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Coronavirus (COVID-19) and snuggling with pets



Within the last couple of days, I've become aware that pet sitters, pet owners, and pet lovers apparently need to be aware of another concern with the Coronavirus (COVID-19) - contact with pets!


Both the CDC and the American Veterinary Medical Association (website for both are at the base of this post) have cautioned that experts are not 100% sure if the virus spreads between people and pets, and vice versa, so they are recommending that we limit close contact with our pets, and for pet sitters, this includes your pet clients as well.


The experts recommend that we don't snuggle with our pets, share food, and give the wonderful hugs and kisses we like to give our pets, during this time of virus crisis. They also want us to thoroughly wash our hands before and after we touch pets.


This might sound a little extreme, but because we don't have all the answers about the Coronavirus yet, we should err on the side of caution. We don't want our pets to become ill, our ourselves to become ill via them.


Pet sitters should have a backup plan in place should they become ill with the virus and can't (and shouldn't) continue their pet visits. For larger pet sitting companies with employees, just have another employee take over your pet visits. If that happens make sure that, if not already done so, clients are notified of the situation. If clients have already told you they don't want to be contacted while they are away except in an extreme emergency with your pets' or home's safety, then just write that there was a change in pet sitter, and why in your daily log. Or, use your own judgment to determine if this would be an "extreme emergency" or not in the eyes of your vacationing clients.


Make sure your replacement pet sitter disinfects the doorknobs and other likely surfaces that were touched while they were at their last pet visit to the house. This could include the clients' kitchen counters, pet food and water bowls, leashes, litter boxes, etc...


A pet sitter might also want to contact the client's vet office to let them know that a pet sitter who had the virus had contact with the pet. The vet will give a professional opinion regarding if the pets have to be medically seen or not. The vet may tell the new pet sitter what symptoms to look out for in the pets who had contact with an ill sitter.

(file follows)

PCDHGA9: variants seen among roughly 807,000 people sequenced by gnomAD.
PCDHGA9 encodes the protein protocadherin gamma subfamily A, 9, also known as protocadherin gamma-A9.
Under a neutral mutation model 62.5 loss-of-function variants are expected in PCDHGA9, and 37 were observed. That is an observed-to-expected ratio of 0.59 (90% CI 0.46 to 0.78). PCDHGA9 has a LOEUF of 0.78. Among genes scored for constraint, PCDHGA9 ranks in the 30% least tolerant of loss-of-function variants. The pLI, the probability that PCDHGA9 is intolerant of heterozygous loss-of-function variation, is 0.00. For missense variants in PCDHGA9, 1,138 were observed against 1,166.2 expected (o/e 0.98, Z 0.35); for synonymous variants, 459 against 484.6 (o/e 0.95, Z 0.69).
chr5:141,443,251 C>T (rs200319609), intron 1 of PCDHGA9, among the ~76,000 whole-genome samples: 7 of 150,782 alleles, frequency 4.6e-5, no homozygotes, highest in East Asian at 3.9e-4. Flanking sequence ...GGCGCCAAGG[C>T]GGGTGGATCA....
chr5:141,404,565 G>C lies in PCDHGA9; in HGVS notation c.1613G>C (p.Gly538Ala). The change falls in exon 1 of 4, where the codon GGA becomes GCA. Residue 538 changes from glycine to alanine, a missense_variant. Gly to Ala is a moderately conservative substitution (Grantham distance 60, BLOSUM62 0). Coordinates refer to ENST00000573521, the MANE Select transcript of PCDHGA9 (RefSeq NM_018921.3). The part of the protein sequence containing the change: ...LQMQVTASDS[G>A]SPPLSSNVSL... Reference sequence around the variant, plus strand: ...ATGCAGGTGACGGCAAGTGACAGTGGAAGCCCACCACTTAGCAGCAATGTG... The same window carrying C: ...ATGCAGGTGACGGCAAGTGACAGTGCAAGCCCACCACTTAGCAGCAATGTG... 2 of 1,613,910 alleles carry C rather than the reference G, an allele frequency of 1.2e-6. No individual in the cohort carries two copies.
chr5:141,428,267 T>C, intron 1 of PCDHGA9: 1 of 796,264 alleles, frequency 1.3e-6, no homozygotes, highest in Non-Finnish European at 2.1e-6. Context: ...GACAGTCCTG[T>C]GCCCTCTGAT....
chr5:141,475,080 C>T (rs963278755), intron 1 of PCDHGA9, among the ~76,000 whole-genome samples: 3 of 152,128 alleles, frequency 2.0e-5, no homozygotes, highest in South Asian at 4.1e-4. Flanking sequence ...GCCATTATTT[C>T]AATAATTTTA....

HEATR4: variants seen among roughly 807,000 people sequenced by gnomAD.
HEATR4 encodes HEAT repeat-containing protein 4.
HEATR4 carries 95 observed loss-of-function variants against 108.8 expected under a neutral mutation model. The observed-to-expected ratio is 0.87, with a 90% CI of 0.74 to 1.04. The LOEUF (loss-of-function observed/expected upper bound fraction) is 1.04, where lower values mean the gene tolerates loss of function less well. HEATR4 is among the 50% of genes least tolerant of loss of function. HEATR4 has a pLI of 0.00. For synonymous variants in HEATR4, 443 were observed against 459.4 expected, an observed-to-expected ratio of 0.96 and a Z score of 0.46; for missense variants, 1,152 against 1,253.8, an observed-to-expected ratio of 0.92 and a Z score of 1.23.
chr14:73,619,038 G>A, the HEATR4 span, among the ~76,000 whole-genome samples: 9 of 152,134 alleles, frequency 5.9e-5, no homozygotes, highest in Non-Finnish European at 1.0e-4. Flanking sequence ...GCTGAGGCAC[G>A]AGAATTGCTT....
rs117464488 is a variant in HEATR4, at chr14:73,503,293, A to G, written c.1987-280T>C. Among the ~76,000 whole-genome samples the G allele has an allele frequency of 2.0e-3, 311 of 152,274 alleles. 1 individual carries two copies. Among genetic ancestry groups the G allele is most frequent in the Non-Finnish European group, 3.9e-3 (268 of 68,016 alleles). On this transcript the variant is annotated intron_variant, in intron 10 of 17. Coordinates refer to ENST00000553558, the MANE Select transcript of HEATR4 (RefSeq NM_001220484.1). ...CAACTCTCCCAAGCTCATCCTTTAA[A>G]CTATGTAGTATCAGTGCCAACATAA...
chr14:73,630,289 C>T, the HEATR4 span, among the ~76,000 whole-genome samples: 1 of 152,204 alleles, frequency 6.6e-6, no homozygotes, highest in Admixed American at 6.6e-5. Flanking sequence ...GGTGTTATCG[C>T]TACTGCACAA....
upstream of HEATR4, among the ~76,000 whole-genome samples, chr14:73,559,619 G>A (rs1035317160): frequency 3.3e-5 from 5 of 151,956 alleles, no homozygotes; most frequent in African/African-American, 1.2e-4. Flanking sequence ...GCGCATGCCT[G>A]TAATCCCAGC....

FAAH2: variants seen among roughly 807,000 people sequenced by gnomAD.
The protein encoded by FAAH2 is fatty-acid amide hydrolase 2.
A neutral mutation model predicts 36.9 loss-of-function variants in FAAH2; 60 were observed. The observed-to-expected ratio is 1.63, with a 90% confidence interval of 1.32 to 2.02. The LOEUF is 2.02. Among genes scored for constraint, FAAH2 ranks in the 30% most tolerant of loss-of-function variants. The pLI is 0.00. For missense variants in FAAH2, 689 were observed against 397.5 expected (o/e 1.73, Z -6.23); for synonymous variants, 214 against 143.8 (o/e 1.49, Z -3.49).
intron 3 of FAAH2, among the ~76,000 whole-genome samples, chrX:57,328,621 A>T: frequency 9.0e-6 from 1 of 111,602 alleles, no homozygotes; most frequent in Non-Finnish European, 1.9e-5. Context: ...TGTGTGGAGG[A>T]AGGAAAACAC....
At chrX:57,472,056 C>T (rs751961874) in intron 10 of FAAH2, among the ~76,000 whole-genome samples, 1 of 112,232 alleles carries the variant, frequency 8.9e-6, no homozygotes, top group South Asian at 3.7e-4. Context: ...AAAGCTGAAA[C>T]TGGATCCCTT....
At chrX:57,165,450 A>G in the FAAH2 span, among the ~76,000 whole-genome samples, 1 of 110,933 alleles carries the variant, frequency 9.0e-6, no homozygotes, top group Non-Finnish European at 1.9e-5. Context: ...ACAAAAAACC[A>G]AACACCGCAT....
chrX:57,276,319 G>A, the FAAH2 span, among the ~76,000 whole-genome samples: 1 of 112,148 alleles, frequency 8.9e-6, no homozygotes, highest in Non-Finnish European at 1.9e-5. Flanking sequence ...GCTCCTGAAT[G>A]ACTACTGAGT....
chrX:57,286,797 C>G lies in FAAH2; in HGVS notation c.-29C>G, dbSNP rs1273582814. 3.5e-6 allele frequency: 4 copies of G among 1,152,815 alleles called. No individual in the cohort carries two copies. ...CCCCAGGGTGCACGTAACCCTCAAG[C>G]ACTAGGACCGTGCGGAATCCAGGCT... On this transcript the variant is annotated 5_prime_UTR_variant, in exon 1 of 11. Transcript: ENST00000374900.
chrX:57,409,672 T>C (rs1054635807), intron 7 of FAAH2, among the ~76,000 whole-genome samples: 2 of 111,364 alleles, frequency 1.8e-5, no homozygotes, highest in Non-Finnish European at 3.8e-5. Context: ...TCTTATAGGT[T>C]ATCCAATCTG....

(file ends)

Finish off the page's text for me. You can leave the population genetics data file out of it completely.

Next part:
If you are a solo pet sitter and have contracted the virus, then you should already have in your clients' information file, a name or two of the clients' closes neighbors or relatives, who are willing to take over pet care. Worst-case scenario, contact clients and let them know what is happening. This is unchartered territory and a different sort of crisis than pet sitters are used to handling, but if sitters have discussed emergency planning with their clients, everything should go smoothly.


Hopefully, there will most likely not be any concerns regarding the human/pet connection as more information comes forward, but in the meantime, we should all be extra cautious for our own sakes, and for everyone's precious pets.


Keeping up with crisis information is important for all of us. Daily cleansing of the items I mentioned above for pet sitters, might want to be considered for your private home for pet owners as well until more answers are available.


Here are the websites I mentioned if you want to get more detailed information.


(https://www.cdc.gov/coronavirus/2019-ncov/faq.html#animals)

(https://www.avma.org/resources-tools/animal-health-and-welfare/covid-19)


Reflection questions for Pet Sitters:


1. Do you have an emergency plan in place?

2. Have you discussed this plan with your pet sitting clients?


Reflection questions for Pet Owners:


1. Have you disinfected your pets' bowls, litter boxes, toys, pet beds, and leashes today?

2. In what ways can you still interact with your pet without close snuggling during this time of Coronavirus crisis?

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